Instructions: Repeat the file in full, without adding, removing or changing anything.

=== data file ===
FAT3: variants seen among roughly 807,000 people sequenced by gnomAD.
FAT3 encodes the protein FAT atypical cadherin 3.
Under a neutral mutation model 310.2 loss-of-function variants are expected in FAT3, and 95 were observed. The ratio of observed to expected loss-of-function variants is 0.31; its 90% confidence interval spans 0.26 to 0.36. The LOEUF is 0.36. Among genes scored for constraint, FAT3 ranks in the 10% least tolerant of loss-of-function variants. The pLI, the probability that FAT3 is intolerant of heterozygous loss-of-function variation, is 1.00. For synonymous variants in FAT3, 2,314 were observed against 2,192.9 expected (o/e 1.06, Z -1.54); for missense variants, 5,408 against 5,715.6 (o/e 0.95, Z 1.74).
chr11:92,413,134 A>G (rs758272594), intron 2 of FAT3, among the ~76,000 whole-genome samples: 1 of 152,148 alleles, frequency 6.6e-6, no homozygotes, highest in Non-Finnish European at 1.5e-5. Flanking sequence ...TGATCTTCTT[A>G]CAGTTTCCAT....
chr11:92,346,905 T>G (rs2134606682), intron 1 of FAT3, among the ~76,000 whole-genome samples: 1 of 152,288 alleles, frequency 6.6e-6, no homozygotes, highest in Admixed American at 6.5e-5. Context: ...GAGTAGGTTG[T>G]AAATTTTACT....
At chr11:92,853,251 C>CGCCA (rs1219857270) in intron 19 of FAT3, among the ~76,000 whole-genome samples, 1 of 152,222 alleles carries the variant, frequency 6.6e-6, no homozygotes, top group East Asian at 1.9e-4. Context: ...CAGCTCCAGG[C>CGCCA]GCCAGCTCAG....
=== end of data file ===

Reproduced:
FAT3: variants seen among roughly 807,000 people sequenced by gnomAD.
FAT3 encodes the protein FAT atypical cadherin 3.
Under a neutral mutation model 310.2 loss-of-function variants are expected in FAT3, and 95 were observed. The ratio of observed to expected loss-of-function variants is 0.31; its 90% confidence interval spans 0.26 to 0.36. The LOEUF is 0.36. Among genes scored for constraint, FAT3 ranks in the 10% least tolerant of loss-of-function variants. The pLI, the probability that FAT3 is intolerant of heterozygous loss-of-function variation, is 1.00. For synonymous variants in FAT3, 2,314 were observed against 2,192.9 expected (o/e 1.06, Z -1.54); for missense variants, 5,408 against 5,715.6 (o/e 0.95, Z 1.74).
chr11:92,413,134 A>G (rs758272594), intron 2 of FAT3, among the ~76,000 whole-genome samples: 1 of 152,148 alleles, frequency 6.6e-6, no homozygotes, highest in Non-Finnish European at 1.5e-5. Flanking sequence ...TGATCTTCTT[A>G]CAGTTTCCAT....
chr11:92,346,905 T>G (rs2134606682), intron 1 of FAT3, among the ~76,000 whole-genome samples: 1 of 152,288 alleles, frequency 6.6e-6, no homozygotes, highest in Admixed American at 6.5e-5. Context: ...GAGTAGGTTG[T>G]AAATTTTACT....
At chr11:92,853,251 C>CGCCA (rs1219857270) in intron 19 of FAT3, among the ~76,000 whole-genome samples, 1 of 152,222 alleles carries the variant, frequency 6.6e-6, no homozygotes, top group East Asian at 1.9e-4. Context: ...CAGCTCCAGG[C>CGCCA]GCCAGCTCAG....